UNH Media Relations
DURHAM, N. H. – When most businesses find themselves in need of financing, they use their real estate or capital assets as collateral for debt or equity financing. But what happens when a company’s primary assets are intangible—such as patents, trademarks or copyrights? How do you borrow against an idea?
A recent survey conducted by the University of New Hampshire’s Enterprise Integration Research Center at the Whittemore School of Business reveals many small and medium-sized New England firms don’t use their intellectual property (IP) assets to secure financing.
“It’s very complicated to use IP as collateral,” says A.R. Venkatachalam, professor of Information Systems and director of the Enterprise Integration Research Center. “Businesses where ideas are the primary strategic assets may not have the traditional capital assets typically used as collateral.”
The survey, conducted between Nov. 9, 2006 and April 24, 2007, was sent to 694 companies around New England. The firms were chosen based on the likelihood of being involved in developing and/or using patents, trademarks and copyrights. Targeted industries included high tech, biotech and manufacturing firms.
Seventy-eight percent of the companies surveyed either held title to patents or had patent applications or provisional patent applications pending at the time the survey was taken.
Only 18 percent of the companies reported using their patents as collateral to secure financing while 61 percent had not.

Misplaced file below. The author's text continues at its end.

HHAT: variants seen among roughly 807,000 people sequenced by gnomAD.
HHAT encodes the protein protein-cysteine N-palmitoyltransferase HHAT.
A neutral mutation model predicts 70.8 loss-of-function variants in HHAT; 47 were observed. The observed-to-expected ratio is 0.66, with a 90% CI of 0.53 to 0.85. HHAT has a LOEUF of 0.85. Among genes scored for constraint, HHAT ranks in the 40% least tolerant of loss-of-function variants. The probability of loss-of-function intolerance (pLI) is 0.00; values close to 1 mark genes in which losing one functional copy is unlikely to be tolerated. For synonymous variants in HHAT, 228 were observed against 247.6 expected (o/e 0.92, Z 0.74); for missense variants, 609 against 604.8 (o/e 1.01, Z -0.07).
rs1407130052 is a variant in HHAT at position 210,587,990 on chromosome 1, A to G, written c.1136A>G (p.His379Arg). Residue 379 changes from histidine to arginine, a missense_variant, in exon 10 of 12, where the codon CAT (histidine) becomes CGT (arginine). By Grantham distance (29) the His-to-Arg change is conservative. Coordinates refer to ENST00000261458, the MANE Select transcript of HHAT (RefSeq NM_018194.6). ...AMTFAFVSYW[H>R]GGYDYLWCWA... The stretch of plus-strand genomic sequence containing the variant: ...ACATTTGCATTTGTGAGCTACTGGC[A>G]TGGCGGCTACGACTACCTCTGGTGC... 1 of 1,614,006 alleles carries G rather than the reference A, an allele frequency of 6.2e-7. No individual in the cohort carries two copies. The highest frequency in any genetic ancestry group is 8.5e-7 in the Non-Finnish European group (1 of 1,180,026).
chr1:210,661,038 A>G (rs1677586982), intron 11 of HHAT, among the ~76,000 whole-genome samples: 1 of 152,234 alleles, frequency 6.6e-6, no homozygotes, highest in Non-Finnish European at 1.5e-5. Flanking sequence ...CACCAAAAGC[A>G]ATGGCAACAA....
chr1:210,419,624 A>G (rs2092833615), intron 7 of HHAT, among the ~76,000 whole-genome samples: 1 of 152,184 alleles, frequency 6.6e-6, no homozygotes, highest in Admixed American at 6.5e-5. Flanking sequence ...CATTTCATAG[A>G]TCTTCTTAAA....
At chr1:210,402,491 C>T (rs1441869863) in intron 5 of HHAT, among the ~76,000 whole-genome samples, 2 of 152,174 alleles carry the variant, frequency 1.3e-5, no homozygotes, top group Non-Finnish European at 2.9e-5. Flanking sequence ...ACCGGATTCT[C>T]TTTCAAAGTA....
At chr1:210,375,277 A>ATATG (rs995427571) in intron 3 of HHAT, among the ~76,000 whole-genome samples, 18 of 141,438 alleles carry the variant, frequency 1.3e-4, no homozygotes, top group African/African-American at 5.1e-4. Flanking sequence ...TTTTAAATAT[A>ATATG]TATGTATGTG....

The survey concluded that for, a majority of small firms—those with sales of less than $20 million—IP is perceived as a tool to enhance competitive advantage. Although the use of patents as collateral to secure financing has not been a popular practice, many small firms expressed an interest in doing so in the future. A major obstacle to using IP as collateral is the inability of investors and lenders to assess the risk associated with collateralizing IP.
“When you use a building as collateral for financing, the bank has an interest against what you own and the transaction is registered with the state. If you go to a second bank, they will find the first lien. But when you use intangible assets, how do banks find out who the owner is and whether there are any pre-existing encumbrances against that asset? “The process of registering IP ownership rights is more complicated than for capital assets,” Venkatachalam says. “Because the due diligence process is so complex, some lenders and investors may hesitate to invest in companies with a lot of IP assets. This can put a damper on innovation over the long run.”
The survey is part of a 3-year pilot project funded by the United States Patent and Trademark Office to find a way using innovative, web-based technology to make it easier for inventors, entrepreneurs and small businesses to leverage their intellectual assets. For more information about the project, visit http://wsbe2.unh.edu/enterprise-integration-research-center or contact Venkatachalam at email@example.com.